×

Why stocks aren’t rising after dovish Fed statement

A regular old dovish statement may not be good enough for stocks.

After the Federal Reserve released its January policy statement, stocks quickly staged a retreat, and gold rose.

This despite the fact that the statement itself was seen as skewing — if anything — mildly dovish.

In changes to the January statement as compared to December, the Fed replaced the clause "economic activity has been expanding at a moderate pace" with the less enthusiastic "labor market conditions improved further even as economic growth slowed late last year." Market inflation measures have now "declined further."

And in the big addition to the statement, the Fed made clear that it is "closely monitoring global economic and financial developments," which have been pretty unambiguously negative.

Read MoreHere's what changed in the new Fed statement

Taken together, this would seem to imply that the U.S. central bank has become less inclined to raise rates this year, at the margins.

"The market is viewing the Fed statement as more dovish," Societe Generale's Larry McDonald said Wednesday on CNBC's "Power Lunch."

The reason that the dovish statement is "not getting a lot of people excited on the equities side," he added, is that "the beast in the equities market needs a higher bar; it need more dovishness to get excited."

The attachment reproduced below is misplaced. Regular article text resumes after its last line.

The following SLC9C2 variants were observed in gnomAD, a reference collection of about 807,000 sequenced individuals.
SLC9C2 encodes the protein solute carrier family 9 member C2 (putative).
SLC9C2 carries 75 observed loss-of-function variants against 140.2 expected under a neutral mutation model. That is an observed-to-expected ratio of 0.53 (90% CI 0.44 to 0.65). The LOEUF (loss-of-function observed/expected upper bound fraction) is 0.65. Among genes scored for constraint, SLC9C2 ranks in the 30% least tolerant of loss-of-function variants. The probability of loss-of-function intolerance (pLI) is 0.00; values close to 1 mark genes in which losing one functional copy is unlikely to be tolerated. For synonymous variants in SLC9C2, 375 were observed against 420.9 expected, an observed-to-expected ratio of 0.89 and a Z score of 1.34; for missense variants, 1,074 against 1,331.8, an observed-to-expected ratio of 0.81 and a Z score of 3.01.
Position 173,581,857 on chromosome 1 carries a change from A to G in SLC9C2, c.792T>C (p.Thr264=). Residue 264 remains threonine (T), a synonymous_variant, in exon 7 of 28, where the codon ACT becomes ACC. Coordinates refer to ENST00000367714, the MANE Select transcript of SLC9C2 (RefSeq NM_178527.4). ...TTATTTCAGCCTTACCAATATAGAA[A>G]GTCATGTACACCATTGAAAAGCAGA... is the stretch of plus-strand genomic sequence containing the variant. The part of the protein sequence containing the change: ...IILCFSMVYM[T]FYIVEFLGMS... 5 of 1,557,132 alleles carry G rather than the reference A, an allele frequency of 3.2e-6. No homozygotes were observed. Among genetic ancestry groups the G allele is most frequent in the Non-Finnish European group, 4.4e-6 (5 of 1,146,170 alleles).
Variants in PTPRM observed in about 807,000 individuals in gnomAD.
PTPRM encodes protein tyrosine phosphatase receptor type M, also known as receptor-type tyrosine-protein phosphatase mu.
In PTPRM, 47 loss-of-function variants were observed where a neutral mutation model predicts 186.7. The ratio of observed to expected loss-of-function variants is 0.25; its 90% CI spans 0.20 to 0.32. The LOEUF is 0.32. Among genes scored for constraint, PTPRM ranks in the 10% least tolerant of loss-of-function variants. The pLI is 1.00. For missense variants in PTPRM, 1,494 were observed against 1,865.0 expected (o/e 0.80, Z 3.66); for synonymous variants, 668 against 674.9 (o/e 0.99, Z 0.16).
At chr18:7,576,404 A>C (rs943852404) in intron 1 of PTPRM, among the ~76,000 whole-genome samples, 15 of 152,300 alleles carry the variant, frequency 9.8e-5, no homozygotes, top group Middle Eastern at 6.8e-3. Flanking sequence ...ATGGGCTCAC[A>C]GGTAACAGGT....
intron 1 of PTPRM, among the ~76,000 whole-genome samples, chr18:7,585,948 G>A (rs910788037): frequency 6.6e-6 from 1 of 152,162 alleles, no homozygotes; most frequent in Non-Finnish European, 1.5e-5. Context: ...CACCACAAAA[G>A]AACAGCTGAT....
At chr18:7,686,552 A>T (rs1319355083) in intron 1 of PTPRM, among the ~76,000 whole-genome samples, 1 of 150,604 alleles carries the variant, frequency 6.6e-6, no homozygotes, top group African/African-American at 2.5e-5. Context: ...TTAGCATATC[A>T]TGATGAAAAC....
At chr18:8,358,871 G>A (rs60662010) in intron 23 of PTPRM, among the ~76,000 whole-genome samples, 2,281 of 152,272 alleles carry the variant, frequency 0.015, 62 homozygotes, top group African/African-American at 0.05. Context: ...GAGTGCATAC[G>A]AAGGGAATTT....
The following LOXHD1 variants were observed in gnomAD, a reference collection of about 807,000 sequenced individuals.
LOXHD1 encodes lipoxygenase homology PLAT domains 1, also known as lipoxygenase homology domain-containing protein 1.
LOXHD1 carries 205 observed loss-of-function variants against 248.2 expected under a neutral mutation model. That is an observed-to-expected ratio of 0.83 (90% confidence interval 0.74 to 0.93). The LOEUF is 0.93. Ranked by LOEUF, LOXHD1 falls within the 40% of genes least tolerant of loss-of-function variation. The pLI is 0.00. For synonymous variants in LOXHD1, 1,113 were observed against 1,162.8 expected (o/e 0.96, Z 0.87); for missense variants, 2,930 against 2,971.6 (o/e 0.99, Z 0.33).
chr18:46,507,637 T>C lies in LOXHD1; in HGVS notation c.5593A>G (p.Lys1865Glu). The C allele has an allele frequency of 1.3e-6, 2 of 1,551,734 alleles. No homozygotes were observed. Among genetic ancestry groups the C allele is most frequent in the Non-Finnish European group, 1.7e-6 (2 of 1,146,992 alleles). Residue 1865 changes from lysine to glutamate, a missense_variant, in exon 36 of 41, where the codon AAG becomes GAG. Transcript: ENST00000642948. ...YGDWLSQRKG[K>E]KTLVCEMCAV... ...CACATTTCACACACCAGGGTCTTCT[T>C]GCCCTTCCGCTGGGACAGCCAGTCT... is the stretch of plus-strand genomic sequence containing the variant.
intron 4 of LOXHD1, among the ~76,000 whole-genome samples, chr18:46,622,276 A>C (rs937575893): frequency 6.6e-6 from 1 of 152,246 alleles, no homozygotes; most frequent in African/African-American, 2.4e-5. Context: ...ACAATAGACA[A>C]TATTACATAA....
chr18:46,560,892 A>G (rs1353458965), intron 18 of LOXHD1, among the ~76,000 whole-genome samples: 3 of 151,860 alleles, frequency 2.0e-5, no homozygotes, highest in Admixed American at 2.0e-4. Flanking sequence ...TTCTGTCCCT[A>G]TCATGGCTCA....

Cowen's head of equity sales trading, David Seaburg, sees it a bit differently.

"This was really a priced-in event," Seaburg said Wednesday, also on the "Trading Nation" segment. "It's a sell-on-the-news [scenario]. We saw a big move yesterday, [so] this is traders taking profits."

Want to be part of the Trading Nation? If you'd like to call into our live Monday show, email your name, number and question to TradingNation@cnbc.com.

Videos

Trades to Watch

Trader Bios

About

Trading Nation is a multimedia financial news program that shows investors and traders how to use the news of the day to their advantage. This is where experts from across the financial world – including macro strategists, technical analysts, stock-pickers, and traders who specialize in options, currencies, and fixed income – come together to find the best ways to capitalize on recent developments in the market. Trading Nation: Where headlines become opportunities.

Brian Sullivan

Brian Sullivan is co-anchor of CNBC's "Power Lunch" (M-F,1PM-3PM ET), one of the network's longest running programs, as well as the host of the daily investing program "Trading Nation." He is also a frequent guest on MSNBC's "Morning Joe" and other NBC properties.

Read more

Connect